7. I don't think that's really true, and I think Andor may actually show us why. If you start to get into 'interesting, highly political' material you start running into the issue of invalidating all the other shows existence. For instance, you can't show a super repressive, competent empire in one place and show Obi-Wan in the same universe where he can just walk into the most tightly controlled place in the galaxy with a trench coat as a disguise. You can't have rebels as terrorists without exploring why everyone went along with the rebellion and the new republic later. You also run the risk of alienating the star wars fanbase - which are still, largely, kids - with something too serious, too dark, and too grey. Star Wars at its core is about very black and white morality and values, and while the audience has matured the property has largely not. Making the Empire look too sympathetic, or making Rebels look too evil, is going to be off-brand and possibly a problem. It's as tonally incorrect as having something in Game of Thrones have heroic knights regularly saving the day and being all honorable and noble and not being exploited; it might be an interesting story, but it isn't right.
  8. My fear is that the conscripts are going to be used as the police and guard units in lpr and dpr to suppress the populace, which will in theory free up slightly better trained troops - but mostly will allow them to kill civilians faster. The referendum will allow those conscripts to be deployed to lpr and dpr of course.
  9. Ultimately doing it via visas isn't the right way; the right way is for those people to ask for asylum, which is an international process specifically for doing exactly this. You probably want to keep some border traffic to make it easier but you don't actually need to provide tourist visas for this. And it is largely irrelevant as Russia is denying most visas to men aged 18-65 anyway.
  10. I think the problem is that I stopped at ep 2. Ep 3 apparently picks up the pace some, which is also likely why they released the first three as they did. But the first two eps are slooooow
  11. Correct. The planet they're currently on in the 5BBY timeline isn't the one that Andor is seen on as a kid. That's some failed mining operation where he was stranded or hosed, probably like 15BBY or something like that. He's on a totally different system now.
  12. I would phrase it a different way. They may not know that they're wasting their time because as far as they're concerned their goal is whatever they were told. The people who question those orders or grouse about it or even do things differently are often drummed out quite quickly out of the system because compliance with orders is the most efficient thing, period. This is especially true in countries like Russia, where Putin has massively encouraged sycophancy and loyalty as the absolute most important goals in underlings. China, by comparison, still has a long history of meritocracy and competence that has not been obliterated. Now from what I know of Russian society the folks under all of this are resourceful and creative, and will do a lot to figure out how to get things done (or at least get the illusion of things done). But those higher up officers and government officials? They're there because they lick boots the best.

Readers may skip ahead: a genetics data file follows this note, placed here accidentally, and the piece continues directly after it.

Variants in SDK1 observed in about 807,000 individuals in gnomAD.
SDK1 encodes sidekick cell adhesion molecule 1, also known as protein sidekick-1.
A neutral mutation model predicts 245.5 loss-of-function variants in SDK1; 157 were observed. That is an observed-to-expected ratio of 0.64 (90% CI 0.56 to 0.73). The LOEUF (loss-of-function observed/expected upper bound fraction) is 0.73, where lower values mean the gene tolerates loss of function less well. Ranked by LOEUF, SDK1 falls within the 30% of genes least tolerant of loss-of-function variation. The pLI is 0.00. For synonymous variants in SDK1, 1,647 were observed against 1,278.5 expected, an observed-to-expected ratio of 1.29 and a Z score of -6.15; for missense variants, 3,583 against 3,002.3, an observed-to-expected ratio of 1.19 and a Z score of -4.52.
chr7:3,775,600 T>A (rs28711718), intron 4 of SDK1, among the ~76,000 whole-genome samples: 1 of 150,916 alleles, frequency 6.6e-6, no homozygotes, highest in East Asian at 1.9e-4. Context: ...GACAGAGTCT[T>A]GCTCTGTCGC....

13. You're assuming that there is a goal of getting good soldiers, or even improving the military performance. This is in error. The goal as it is with almost every autocracy is to appease the wishes of the ruler. Putin wants a mobilization, so the people under him need to be showing that they're mobilizing people. They have quotas to fill of people to be mobilized and sent to be trained somewhere so that's what they're doing. There is no guidance on what makes a good soldier or that there is anyone training them or that they have any equipment. Their goal is to get people and the only metric that they care about is filling that quota. A secondary goal is to punish those who are not well in alignment with Russian orthodoxy. Again, from a military perspective sending protesters to go fight for your country is an incredibly stupid move that will likely get more officers killed or have more defections happen. But it is great for a political goal. This is entirely consistent with the top-down and whatever he says, goes behavior we've already seen in Putin's Russia, and is also nicely aligning well with the traditions of central planning and hitting goals set by people having no idea what is going on that characterizes a lot of Soviet-style economies.
  14. Also, you'll be shocked to know that Putin's order for partial mobilization is a lie, and Russians are reporting being given draft papers despite having no previous military experience. It looks like it's being used as a combination of retaining existing people, punishing protestors and grabbing whoever they can. Meanwhile major reports of huge lines at most visa-free countries to Russia (Georgia, Kazahkstan) and all flights to Istanbul from Russia are booked. And other reports of people getting on busses and getting to their arrival point and having zero idea of what to do there, who to meet, etc.